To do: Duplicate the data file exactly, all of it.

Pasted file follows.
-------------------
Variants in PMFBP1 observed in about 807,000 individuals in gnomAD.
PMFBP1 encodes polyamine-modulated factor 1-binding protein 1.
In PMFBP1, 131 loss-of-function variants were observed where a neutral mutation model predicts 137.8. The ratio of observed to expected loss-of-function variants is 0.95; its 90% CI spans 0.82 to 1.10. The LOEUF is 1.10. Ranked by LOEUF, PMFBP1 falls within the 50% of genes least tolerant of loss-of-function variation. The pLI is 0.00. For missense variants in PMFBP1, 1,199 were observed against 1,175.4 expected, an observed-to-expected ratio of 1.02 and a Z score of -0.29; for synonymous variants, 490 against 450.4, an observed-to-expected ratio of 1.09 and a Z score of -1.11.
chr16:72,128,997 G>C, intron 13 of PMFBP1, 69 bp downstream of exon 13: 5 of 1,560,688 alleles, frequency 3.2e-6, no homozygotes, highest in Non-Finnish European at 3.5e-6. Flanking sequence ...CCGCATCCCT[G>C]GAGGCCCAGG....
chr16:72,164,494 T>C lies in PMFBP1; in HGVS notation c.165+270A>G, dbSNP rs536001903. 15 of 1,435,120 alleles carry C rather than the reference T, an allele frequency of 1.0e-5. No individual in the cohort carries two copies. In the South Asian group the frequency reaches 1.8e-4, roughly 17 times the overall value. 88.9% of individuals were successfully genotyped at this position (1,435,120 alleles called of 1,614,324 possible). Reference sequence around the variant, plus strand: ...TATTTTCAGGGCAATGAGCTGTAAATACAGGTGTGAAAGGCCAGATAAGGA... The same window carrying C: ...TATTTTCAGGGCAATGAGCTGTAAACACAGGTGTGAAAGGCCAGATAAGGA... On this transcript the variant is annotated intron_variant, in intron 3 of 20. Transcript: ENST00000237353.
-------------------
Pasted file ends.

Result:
Variants in PMFBP1 observed in about 807,000 individuals in gnomAD.
PMFBP1 encodes polyamine-modulated factor 1-binding protein 1.
In PMFBP1, 131 loss-of-function variants were observed where a neutral mutation model predicts 137.8. The ratio of observed to expected loss-of-function variants is 0.95; its 90% CI spans 0.82 to 1.10. The LOEUF is 1.10. Ranked by LOEUF, PMFBP1 falls within the 50% of genes least tolerant of loss-of-function variation. The pLI is 0.00. For missense variants in PMFBP1, 1,199 were observed against 1,175.4 expected, an observed-to-expected ratio of 1.02 and a Z score of -0.29; for synonymous variants, 490 against 450.4, an observed-to-expected ratio of 1.09 and a Z score of -1.11.
chr16:72,128,997 G>C, intron 13 of PMFBP1, 69 bp downstream of exon 13: 5 of 1,560,688 alleles, frequency 3.2e-6, no homozygotes, highest in Non-Finnish European at 3.5e-6. Flanking sequence ...CCGCATCCCT[G>C]GAGGCCCAGG....
chr16:72,164,494 T>C lies in PMFBP1; in HGVS notation c.165+270A>G, dbSNP rs536001903. 15 of 1,435,120 alleles carry C rather than the reference T, an allele frequency of 1.0e-5. No individual in the cohort carries two copies. In the South Asian group the frequency reaches 1.8e-4, roughly 17 times the overall value. 88.9% of individuals were successfully genotyped at this position (1,435,120 alleles called of 1,614,324 possible). Reference sequence around the variant, plus strand: ...TATTTTCAGGGCAATGAGCTGTAAATACAGGTGTGAAAGGCCAGATAAGGA... The same window carrying C: ...TATTTTCAGGGCAATGAGCTGTAAACACAGGTGTGAAAGGCCAGATAAGGA... On this transcript the variant is annotated intron_variant, in intron 3 of 20. Transcript: ENST00000237353.